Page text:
Food & Travel Basics

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Kick Start Your Gluten & Allergy Free Diet

If you, your family or friends are new to gluten and allergy free living, here are some suggestions to quickly bring you up to speed on how to follow a gluten free diet or handle food allergies:

Symptoms, Diagnosis & Testing

Safety & Safe Ingredients

Eating Out and Cooking

Worldwide Travel


Learning Curve Associated with Special Diets

There is a learning curve for individuals who are guests in eating establishments managing gluten and allergen free diets as well as for the restaurants who cater to them. The process of gaining the necessary knowledge to successfully handle special dietary requirements is similar for both parties.

The learning curve associated with special diets includes the following four key steps, for individuals and restaurant professionals alike:

1. Awareness:

To gain awareness, you, as an individual, need to first educate yourself to understand exactly what you are allergic to or what special diet you are required to follow. You may be asking, “What have I been diagnosed with? Where do I begin my research? What resources are available to me and what do I do next?” These are all common questions associated with learning about your new way of life.

On the other side of the table, restaurant professionals go through a similar experience. “What type of special diets may be required by our guests? What do we need to learn to better understand their needs? What resources are available to help us?”

2. Information:

gluten free meal preparation

The next step in the learning curve is information. As an individual, you must learn what you can and cannot eat on a fundamental level. Once this is understood, it is important to investigate where problematic allergens can be hidden in foods and what you need to do to adjust for this unexpected variable.

Likewise, restaurant professionals follow a similar thought process. “What can this guest eat and what is not allowable? What ingredients and food preparation techniques can be an issue and how can we adjust to suit their requirements?” The parallel is undeniable.

3. Knowledge:

Once this understanding is accomplished, the third step is knowledge. Individuals need to apply what has been learned to safely eat in restaurants, as well as at home. Furthermore, you must learn to communicate your special requirements and determine an effective strategy for ordering safe meals in order to develop a comfort level with various cuisines and dishes.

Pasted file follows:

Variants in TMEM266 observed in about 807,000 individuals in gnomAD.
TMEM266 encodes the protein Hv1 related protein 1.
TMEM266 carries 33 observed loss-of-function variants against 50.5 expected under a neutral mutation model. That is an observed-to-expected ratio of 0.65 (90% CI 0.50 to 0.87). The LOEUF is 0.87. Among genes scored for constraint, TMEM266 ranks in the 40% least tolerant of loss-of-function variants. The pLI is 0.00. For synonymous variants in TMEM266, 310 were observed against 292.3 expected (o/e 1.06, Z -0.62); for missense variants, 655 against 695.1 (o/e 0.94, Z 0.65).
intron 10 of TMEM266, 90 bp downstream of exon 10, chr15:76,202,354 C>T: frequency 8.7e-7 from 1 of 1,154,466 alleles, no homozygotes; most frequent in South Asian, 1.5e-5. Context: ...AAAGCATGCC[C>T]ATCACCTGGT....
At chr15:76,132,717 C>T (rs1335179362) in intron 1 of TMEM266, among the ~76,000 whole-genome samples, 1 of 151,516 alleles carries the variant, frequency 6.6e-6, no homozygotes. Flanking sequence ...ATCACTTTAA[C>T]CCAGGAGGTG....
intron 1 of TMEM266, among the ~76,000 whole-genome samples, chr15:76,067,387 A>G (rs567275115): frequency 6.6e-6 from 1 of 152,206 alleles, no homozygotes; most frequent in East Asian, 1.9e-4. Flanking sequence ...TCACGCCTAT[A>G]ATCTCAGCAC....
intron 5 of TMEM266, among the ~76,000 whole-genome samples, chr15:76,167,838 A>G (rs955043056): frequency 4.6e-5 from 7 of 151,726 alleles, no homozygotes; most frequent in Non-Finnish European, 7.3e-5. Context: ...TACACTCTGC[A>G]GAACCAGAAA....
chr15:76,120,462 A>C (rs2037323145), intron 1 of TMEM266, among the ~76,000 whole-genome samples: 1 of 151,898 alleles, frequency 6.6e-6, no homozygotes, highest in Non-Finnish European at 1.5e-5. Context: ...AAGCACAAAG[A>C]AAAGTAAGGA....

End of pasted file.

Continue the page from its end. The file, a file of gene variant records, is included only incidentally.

As a restaurant, you have a different set of concerns to address, such as how to train both front and back of the house staff. You also need to determine how to accurately convey this information between all employees involved in the process and identify what protocols need to be in operation. Through effective training efforts, an establishment can teach their staff how to assist special diet guests by guiding them through the menu, taking into consideration ingredients, preparation techniques and hidden allergen concerns.

4. Empowerment:

gluten free dining

The final step of the learning curve is empowerment. As the guest, you need to know where and what you can eat, as well as what modifications can be made to easily accommodate your dietary requirements. Once this is achieved, you can focus on enjoying your eating experiences while remaining diligent about the foods you eat.

For the restaurant, the focus becomes how to simplify menu options to adjust for special dietary needs. This allows the restaurant to concentrate on providing safe and delicious meals for their guests, while ensuring a high standard of service, ultimately resulting in repeat and loyal business.

Excerpted from the Award-Winning Book Series—Let’s Eat Out!


Dining Out Gluten-Free and Worry-Free
“In order to feel safe eating out everywhere, it’s all about education, preparation and communication,” says Kim Koeller, president of GlutenFree Passport and author of the award-winning Let’s Eat Out! series. “Educate yourself on what you can and cannot eat, be prepared to inquire about at least 2 or 3 potential menu items and know what questions to ask about the dish based upon ingredients, culinary practices and food preparation.”